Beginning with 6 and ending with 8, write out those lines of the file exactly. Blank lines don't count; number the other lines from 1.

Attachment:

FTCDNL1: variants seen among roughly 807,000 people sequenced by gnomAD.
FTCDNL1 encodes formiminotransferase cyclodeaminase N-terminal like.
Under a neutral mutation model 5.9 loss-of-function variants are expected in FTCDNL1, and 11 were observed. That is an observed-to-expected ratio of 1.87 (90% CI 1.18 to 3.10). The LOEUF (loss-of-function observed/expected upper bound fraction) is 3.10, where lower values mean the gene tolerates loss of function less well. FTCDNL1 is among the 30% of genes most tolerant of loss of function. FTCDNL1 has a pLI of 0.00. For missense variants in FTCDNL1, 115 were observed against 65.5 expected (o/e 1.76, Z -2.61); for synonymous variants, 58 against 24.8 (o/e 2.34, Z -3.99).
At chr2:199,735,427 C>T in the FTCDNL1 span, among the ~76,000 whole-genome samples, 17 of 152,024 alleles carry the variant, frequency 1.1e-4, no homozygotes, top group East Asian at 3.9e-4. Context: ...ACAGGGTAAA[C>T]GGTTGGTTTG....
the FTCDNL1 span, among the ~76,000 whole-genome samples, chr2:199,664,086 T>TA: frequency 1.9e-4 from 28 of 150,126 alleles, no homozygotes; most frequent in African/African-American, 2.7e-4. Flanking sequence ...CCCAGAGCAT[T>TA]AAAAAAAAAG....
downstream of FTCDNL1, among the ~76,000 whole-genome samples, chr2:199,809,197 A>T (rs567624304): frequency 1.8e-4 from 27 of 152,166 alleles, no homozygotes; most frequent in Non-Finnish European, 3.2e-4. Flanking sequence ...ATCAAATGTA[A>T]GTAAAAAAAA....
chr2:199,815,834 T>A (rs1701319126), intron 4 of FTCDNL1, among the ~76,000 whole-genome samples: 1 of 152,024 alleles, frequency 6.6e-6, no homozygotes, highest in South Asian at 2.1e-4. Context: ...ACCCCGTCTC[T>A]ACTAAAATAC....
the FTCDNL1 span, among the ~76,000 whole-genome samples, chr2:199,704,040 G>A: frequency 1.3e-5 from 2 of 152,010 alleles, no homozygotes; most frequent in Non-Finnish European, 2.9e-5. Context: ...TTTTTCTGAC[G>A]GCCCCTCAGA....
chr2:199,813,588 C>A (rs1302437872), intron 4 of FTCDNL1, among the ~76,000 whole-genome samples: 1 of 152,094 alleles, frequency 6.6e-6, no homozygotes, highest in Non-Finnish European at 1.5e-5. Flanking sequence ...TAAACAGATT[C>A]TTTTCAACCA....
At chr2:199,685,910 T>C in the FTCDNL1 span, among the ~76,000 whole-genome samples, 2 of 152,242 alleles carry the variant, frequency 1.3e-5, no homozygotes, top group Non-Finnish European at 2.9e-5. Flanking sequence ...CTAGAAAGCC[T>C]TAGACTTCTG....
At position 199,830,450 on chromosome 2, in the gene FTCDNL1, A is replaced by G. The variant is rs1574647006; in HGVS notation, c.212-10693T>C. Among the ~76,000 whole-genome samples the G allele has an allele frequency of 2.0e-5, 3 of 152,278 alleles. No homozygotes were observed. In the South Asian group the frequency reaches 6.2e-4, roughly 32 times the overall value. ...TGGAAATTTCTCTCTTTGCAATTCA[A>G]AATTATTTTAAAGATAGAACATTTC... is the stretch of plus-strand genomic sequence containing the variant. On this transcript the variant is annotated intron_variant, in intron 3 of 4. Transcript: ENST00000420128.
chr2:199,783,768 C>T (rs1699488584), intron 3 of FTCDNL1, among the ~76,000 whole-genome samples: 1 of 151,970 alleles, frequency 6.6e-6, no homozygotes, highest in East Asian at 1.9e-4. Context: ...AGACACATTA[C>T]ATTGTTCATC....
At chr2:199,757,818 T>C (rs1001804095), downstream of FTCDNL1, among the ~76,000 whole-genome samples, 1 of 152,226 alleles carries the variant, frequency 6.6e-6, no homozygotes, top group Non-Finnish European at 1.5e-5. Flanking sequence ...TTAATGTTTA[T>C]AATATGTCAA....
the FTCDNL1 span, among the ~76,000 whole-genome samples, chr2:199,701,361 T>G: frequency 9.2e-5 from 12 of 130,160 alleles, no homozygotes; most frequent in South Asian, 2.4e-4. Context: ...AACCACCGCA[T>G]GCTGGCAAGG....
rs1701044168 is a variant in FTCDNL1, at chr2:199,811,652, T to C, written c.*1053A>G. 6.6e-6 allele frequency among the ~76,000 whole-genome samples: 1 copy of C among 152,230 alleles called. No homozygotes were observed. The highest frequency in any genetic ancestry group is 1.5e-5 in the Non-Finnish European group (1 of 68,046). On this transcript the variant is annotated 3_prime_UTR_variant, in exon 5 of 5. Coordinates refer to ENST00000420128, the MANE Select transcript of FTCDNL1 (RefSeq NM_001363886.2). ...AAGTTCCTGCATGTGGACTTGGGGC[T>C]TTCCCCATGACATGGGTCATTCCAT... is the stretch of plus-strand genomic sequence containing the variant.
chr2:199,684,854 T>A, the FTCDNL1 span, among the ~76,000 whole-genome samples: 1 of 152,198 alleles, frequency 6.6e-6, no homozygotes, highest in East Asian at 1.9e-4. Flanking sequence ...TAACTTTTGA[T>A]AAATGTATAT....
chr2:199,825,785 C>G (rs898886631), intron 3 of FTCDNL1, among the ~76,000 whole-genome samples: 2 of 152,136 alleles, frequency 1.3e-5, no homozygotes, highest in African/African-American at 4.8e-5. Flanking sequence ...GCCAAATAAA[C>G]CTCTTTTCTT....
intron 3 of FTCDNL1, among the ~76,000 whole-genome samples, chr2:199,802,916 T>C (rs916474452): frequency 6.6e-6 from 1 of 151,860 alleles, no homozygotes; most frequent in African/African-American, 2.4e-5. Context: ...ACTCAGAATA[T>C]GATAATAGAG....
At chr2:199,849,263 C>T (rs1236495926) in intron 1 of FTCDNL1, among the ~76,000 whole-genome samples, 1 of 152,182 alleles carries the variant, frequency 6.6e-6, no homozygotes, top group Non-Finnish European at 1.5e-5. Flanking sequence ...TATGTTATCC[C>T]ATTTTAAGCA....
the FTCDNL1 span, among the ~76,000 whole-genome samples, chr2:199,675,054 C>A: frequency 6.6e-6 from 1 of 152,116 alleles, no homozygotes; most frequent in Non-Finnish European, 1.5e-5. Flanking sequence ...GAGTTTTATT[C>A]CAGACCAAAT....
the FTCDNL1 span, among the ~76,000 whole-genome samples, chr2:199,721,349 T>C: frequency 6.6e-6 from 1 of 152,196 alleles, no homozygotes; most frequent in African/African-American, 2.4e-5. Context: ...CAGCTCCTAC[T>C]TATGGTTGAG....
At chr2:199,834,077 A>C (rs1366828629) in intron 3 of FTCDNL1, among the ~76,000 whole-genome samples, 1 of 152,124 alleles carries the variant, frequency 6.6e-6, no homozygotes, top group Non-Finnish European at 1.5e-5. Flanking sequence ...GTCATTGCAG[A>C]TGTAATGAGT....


downstream of FTCDNL1, among the ~76,000 whole-genome samples, chr2:199,809,197 A>T (rs567624304): frequency 1.8e-4 from 27 of 152,166 alleles, no homozygotes; most frequent in Non-Finnish European, 3.2e-4. Flanking sequence ...ATCAAATGTA[A>T]GTAAAAAAAA....
chr2:199,815,834 T>A (rs1701319126), intron 4 of FTCDNL1, among the ~76,000 whole-genome samples: 1 of 152,024 alleles, frequency 6.6e-6, no homozygotes, highest in South Asian at 2.1e-4. Context: ...ACCCCGTCTC[T>A]ACTAAAATAC....
the FTCDNL1 span, among the ~76,000 whole-genome samples, chr2:199,704,040 G>A: frequency 1.3e-5 from 2 of 152,010 alleles, no homozygotes; most frequent in Non-Finnish European, 2.9e-5. Context: ...TTTTTCTGAC[G>A]GCCCCTCAGA....